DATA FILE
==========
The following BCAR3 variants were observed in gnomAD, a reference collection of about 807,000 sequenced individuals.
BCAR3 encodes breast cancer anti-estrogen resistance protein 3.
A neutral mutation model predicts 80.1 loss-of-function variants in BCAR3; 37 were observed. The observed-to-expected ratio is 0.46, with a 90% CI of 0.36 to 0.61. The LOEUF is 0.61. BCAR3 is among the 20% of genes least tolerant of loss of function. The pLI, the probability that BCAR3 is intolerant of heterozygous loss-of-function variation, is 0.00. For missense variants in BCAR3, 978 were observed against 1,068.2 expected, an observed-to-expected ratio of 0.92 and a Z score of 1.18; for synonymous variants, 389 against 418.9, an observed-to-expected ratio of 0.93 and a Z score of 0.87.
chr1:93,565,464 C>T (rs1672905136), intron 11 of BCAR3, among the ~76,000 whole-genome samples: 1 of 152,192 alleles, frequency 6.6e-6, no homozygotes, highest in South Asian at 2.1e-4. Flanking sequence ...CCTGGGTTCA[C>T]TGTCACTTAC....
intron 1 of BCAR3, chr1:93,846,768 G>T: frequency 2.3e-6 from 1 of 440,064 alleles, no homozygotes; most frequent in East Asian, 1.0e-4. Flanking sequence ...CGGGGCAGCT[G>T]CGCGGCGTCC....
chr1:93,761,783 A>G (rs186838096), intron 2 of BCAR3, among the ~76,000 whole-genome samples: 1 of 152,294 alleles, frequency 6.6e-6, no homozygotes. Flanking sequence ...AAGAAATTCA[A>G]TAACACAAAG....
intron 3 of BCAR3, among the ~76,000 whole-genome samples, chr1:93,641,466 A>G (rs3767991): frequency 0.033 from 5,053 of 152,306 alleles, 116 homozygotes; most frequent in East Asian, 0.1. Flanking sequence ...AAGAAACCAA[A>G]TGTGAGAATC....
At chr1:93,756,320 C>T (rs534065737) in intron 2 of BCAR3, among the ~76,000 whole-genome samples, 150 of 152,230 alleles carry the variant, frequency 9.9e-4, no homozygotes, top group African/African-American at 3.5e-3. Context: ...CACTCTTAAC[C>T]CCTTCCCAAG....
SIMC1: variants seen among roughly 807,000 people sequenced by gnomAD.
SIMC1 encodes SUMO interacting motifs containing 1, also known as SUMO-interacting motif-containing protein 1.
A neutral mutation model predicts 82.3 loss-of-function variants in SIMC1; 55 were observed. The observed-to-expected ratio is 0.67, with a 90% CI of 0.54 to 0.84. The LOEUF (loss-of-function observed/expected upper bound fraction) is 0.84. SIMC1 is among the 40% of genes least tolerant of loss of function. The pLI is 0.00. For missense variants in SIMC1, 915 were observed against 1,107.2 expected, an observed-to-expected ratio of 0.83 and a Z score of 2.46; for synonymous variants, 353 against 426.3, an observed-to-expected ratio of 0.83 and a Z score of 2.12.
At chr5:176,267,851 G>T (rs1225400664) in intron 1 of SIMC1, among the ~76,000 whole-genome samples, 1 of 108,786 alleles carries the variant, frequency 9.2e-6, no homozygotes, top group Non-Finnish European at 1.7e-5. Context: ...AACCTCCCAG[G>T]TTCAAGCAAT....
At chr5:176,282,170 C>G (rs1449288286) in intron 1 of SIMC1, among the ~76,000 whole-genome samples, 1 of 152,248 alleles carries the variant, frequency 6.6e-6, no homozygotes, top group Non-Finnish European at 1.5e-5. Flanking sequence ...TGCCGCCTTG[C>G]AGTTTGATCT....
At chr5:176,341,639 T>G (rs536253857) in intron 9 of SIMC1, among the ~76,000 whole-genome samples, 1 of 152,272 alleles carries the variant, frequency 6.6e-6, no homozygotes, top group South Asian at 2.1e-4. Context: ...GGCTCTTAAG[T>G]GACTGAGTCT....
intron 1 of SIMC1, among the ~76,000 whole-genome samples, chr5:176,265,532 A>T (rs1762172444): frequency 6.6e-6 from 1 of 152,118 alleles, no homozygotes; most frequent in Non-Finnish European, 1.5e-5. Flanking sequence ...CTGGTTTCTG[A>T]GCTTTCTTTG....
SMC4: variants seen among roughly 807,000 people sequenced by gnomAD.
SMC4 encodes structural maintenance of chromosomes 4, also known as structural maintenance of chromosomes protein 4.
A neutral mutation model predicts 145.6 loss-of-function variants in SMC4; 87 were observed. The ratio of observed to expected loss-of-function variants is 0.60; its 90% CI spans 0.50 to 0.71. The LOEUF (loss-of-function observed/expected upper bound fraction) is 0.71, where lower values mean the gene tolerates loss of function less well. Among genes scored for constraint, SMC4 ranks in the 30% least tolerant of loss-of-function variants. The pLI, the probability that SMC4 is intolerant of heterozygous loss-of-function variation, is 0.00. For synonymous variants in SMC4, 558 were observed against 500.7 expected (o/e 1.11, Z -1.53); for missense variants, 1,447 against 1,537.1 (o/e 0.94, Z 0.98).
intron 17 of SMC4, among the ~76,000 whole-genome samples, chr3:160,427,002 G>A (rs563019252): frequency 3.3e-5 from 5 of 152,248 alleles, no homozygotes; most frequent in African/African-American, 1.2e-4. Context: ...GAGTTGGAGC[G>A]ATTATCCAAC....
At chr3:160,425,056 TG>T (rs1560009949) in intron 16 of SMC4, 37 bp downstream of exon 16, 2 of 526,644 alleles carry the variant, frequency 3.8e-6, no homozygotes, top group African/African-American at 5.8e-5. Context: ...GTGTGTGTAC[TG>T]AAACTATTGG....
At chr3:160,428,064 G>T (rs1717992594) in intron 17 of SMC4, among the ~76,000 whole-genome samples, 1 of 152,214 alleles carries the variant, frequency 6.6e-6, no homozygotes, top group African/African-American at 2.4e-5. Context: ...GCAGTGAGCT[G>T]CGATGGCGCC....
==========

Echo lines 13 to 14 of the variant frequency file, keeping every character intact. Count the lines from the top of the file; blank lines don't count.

At chr5:176,282,170 C>G (rs1449288286) in intron 1 of SIMC1, among the ~76,000 whole-genome samples, 1 of 152,248 alleles carries the variant, frequency 6.6e-6, no homozygotes, top group Non-Finnish European at 1.5e-5. Flanking sequence ...TGCCGCCTTG[C>G]AGTTTGATCT....
At chr5:176,341,639 T>G (rs536253857) in intron 9 of SIMC1, among the ~76,000 whole-genome samples, 1 of 152,272 alleles carries the variant, frequency 6.6e-6, no homozygotes, top group South Asian at 2.1e-4. Context: ...GGCTCTTAAG[T>G]GACTGAGTCT....